For many, 9/11 was a tragedy seen on television. However, for those in lower Manhattan, south of Canal Street, the day filled with unspeakable horrors as the towers collapsed and enveloped a large area surrounding the World Trade Center in a cloud of thick, gray dust. The question remains. How Far Did the Dust Travel on and After 9/11?
Unfortunately, thousands of people working, living, or attending school in the area have since suffered serious medical conditions due to their exposure to the toxins contained in the plume and the dust that settled over the entire lower Manhattan in the many months afterwards.
If you were exposed to the toxic dust that settled over lower Manhattan on 9/11 or after the terrorist attacks on the World Trade Center, let an experienced 9/11 benefits attorney from Hansen & Rosasco assist you. We can determine if you meet the criteria to receive benefits from the WTC Health Program and the September 11 Victim Compensation Fund (VCF). We can help you understand if you were in the area of high exposure for the amount of time required to be eligible for these programs.
How Far Did the Dust Cloud Travel?
There is no exact answer on how far the particles involved in the dust cloud traveled. Dust particulates from the World Trade Center were found at the Empire State Building, three miles away. However, contamination from the plume traveled much further than that. According to one study conducted by Ralph Kahn, a senior research scientist at the Jet Propulsion Laboratory worked with other researchers to determine through the use of specific tools that the plume rose to a height of nearly a mile before it drifted approximately 44 miles downwind the following day.
Are People Who Lived 44 Miles Away Eligible for Compensation, Then?
While the dust plume scattered across many miles, the level of carcinogenic matter in the plume dissipated with time and distance. In short, though some of the particles from the World Trade Center towers were discovered miles away, the greatest risk of suffering medical consequences was most likely to occur among those in an immediate 1.5-mile radius of Ground Zero. Additionally, those who worked in the area as first responders or cleanup workers would have experienced exposure following the attack.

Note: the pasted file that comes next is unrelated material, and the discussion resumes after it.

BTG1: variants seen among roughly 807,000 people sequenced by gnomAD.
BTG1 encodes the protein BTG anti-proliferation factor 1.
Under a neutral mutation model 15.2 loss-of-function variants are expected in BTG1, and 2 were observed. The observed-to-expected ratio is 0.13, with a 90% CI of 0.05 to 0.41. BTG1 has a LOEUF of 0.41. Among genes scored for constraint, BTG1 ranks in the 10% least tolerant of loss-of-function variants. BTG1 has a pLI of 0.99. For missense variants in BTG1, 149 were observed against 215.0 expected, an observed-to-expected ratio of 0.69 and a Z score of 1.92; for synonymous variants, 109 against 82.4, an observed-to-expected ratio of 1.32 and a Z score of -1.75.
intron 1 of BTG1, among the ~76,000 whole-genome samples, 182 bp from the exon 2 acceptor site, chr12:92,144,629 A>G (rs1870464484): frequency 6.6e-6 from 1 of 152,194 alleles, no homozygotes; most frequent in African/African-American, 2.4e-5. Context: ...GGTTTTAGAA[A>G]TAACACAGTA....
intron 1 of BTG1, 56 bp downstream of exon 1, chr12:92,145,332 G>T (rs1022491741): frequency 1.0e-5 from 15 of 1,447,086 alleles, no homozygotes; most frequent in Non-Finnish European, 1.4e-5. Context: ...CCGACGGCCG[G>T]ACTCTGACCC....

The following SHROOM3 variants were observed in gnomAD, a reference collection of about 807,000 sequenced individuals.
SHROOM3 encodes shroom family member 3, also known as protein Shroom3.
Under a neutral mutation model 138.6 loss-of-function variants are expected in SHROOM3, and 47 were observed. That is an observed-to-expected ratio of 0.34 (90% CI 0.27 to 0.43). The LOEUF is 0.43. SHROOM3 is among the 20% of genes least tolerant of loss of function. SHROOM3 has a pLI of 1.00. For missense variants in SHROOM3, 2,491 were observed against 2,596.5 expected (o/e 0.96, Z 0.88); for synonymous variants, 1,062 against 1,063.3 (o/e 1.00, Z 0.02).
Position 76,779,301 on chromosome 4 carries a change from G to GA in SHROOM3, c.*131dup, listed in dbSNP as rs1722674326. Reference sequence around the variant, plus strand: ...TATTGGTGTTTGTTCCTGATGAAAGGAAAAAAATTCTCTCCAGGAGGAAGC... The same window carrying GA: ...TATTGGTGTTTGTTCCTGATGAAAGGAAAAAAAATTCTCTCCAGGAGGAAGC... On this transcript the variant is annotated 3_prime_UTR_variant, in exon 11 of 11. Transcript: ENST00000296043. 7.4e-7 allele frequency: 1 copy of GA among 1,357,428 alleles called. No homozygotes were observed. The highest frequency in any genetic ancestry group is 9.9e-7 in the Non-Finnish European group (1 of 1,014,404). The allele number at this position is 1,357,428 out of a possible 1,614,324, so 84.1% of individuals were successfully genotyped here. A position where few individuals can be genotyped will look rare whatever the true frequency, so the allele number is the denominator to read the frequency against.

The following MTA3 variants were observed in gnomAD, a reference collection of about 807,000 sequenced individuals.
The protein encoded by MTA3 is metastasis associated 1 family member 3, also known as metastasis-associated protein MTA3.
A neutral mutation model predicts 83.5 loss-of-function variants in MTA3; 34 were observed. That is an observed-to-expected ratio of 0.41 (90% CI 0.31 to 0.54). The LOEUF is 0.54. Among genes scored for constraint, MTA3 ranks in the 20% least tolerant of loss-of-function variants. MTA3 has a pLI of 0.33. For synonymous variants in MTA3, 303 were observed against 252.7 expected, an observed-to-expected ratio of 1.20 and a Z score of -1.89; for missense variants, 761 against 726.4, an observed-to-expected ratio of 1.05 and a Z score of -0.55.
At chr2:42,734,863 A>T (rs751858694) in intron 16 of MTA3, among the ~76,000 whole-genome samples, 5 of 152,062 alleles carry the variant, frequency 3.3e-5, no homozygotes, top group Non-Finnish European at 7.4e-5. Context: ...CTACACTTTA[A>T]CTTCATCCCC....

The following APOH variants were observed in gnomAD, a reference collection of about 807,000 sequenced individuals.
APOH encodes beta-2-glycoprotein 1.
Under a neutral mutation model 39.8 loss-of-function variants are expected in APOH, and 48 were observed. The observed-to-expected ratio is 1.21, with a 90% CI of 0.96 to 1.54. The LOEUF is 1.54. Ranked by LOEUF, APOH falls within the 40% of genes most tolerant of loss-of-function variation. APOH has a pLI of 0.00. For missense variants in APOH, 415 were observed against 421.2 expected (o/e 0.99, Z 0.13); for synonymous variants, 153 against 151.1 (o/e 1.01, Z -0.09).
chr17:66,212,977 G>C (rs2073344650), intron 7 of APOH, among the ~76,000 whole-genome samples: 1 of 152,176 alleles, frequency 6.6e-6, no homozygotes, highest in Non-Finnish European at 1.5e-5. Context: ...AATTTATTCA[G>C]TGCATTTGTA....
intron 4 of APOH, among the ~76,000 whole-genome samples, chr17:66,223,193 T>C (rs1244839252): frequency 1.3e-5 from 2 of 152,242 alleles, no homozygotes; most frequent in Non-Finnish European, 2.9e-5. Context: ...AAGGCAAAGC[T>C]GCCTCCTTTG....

The 9/11 VCF and the WTC Health Program have different disaster exposure areas. The VCF provides compensation for anyone present anywhere in lower Manhattan south of Canal Street or any other location where the 9/11 debris was handled such as the Medical Examiner’s office, Fresh Kills landfill, or along any routes where the 9/11 debris was transported. The WTC Health Program provides coverage for a larger area, making free lifetime 9/11-related healthcare available to anyone south of Houston Street and also parts of Brooklyn, including Brooklyn Heights.
The exposure zone, as determined for use in qualifying affected individuals for participation in the 9/11 benefits programs includes:
- For first responders: Ground Zero, the Staten Island Landfill, and the NYC Chief Medical Examiner’s Office. The exposure for these individuals is a minimum of four hours between September 11, 2001, and July 31, 2002.
- For World Trade Center general responders, including volunteers who worked on the rescue, recovery, and cleanup efforts, the exposure zone includes Ground Zero, the Staten Island Landfill, and certain barge loading piers. Those involved at Ground Zero must have been in the area for at least four hours between September 11 and September 14, 2001; at least 24 hours at the Staten Island Landfill between September 11 and September 30, 2001; and the barge or loading piers at least 80 hours between September 11, 2001, and July 31, 2002.
- Those living, working, or attending school in the disaster area south of Canal Street from September 11, 2001, to July 31, 2002, may apply for the programs if they were exposed to the toxins for at least four days during that time.
What Was in the WTC Dust Plume?
Two days after the terrorist attack, the then-director of the Environmental Protection Agency and the former governor of New Jersey, Christine Todd Whitman, stated that the air over New York contained no significant levels of asbestos. Unfortunately, the plume not only contained asbestos but many other dangerous substances.